Two real estate investment trusts (REITs) backed by office buildings in Belgium and France are planning to raise a combined $600 million through initial public offerings in Seoul this year, following a record $14 billion investment by South Korean funds in Europe’s commercial property market in 2019.
JR AMC Co. Ltd. received a final regulatory approval in February to list JR Global REIT, the parent of the sub REIT that had acquired the Finance Tower in Brussels for $1.6 billion in December.
It is aiming to raise about 500 billion ($415 million) from the offering on the Korea Stock Exchange, which will be the country’s first listed REIT backed by a foreign asset.
JR Global REIT is expecting to offer an annual yield of 8%, with additions of new investments in Belgium, Germany and the Netherlands in the future.
A REIT of Mastern Investment Management Co. Ltd. is planning to go public to raise between 200 billion and 250 billion won ($166 million-$200 million) to fund the purchase of Crystal Park in France and other investments in Germany, Luxemburg and the Netherlands.
With the planned two IPOs, the country’s listed REIT market is poised to top 2 trillion won this year, four times bigger than in 2019 and 10 times more than in 2018.
South Korea’s REIT market has been growing substantially since 2018, luring individual investors with rare investment opportunities for office buildings, hotels and retail outlets, along with high yields and expectations for share price gains.
The upcoming REIT IPOs are expected to offer 5-8% annual yields, compared with 1-2% interest rates on savings accounts.
VARIOUS ASSETS, TAX BENEFITS
Domestic REITs are drawing attention of investors with various underlying assets.
Seoul-based Kendall Square Logistics Properties has recently applied for a REIT IPO backed by logistics facilities in Korea. It plans to raise 800 billion to 1 trillion won from the listing as early as the second half of this year.
If listed, it will become the first listed REIT backed by logistics assets and the largest REIT on the Korean stock market.
Koramco REITs Management & Trust Co. Ltd. is planning to launch the country’s first REIT backed by gas stations.
To encourage retail investment in indirect real estate funds away from the household property market, the land ministry announced tax benefits for dividend incomes from listed REITs and retail property funds in September 2019.
Additionally, it has relaxed regulations for the management of listed REITs and retail property funds and their developments.
But the tumbling stock markets since the coronavirus break is raising doubts about whether the new REITs can receive as much enthusiastic welcome as those listed on the Seoul bourse just a half year ago.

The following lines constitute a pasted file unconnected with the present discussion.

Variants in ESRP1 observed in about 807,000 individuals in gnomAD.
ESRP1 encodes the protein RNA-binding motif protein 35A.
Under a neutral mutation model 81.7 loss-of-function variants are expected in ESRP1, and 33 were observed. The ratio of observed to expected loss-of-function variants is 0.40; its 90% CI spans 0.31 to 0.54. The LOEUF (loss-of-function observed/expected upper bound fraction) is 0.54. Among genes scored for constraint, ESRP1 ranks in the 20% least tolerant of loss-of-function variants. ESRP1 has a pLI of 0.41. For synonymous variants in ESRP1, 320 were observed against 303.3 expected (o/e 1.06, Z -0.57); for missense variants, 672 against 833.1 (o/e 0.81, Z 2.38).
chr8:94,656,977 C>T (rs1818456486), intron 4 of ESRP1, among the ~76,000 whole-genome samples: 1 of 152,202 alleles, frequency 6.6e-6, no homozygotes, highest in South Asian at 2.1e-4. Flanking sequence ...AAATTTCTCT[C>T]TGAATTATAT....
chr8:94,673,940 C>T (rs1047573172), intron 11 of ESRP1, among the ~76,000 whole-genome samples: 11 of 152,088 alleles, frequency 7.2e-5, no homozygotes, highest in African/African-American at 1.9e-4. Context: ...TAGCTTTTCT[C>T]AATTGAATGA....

Shares in large domestic REITs, including Lotte REIT and NH Prime REIT, have plunged by around 25% since hitting record highs on their first trading day last year.
Further, doubts arise about their fundamental attractiveness, given that the two Europe-focused REITs were formed after their investment companies failed to sell down the underlying assets to institutional investors.
Most of retail property funds launched last year were backed by single foreign assets that had not been resold to institutional investors. Korean pension funds and insurance firms have turned cool on sell-down assets and increasingly opted for direct deal sourcing since last year.
NEW REGULATORY HURDLE?
Contrary to the government effort to shore up the listed REIT market, the regulatory Financial Services Commission (FSC) signaled in January that brokerage companies’ business practices of underwriting an investment and reselling it to a designated real estate fund could be in violation of the capital market act. The act bans the sale of investment companies’ funds managed in accordance with instructions of the fund’s seller such as banks and brokerage companies.
Last month an FSC official hinted that the rule could apply to global alternative investments.
But Meritz Securities and JR AMC officials argued that REITs were exempt from the rules from the beginning and were not directed by outside companies as well, because their investment decisions need to gain board and shareholder approval.
Meanwhile, Kiwoom Securities said in a research note last week that the dividend yield ratio of listed dometic REITs, or dividend payouts divided by their current share prices, has climbed to 6% from 3-4% last year, even higher than the base rate of 1.25% that is expected to be cut further within the year.
“Because of lingering uncertainties about their underlying assets and anchors of domestic REITs, we need to approach them from the dividend yield point of views. Given this, the current price range with a 6% dividend yield is unlikely to last long and now is the right time to invest in listed domestic REITs,” Kiwoom analyst Jinsung Rah said in the note.
<Edited by Yeonhee Kim>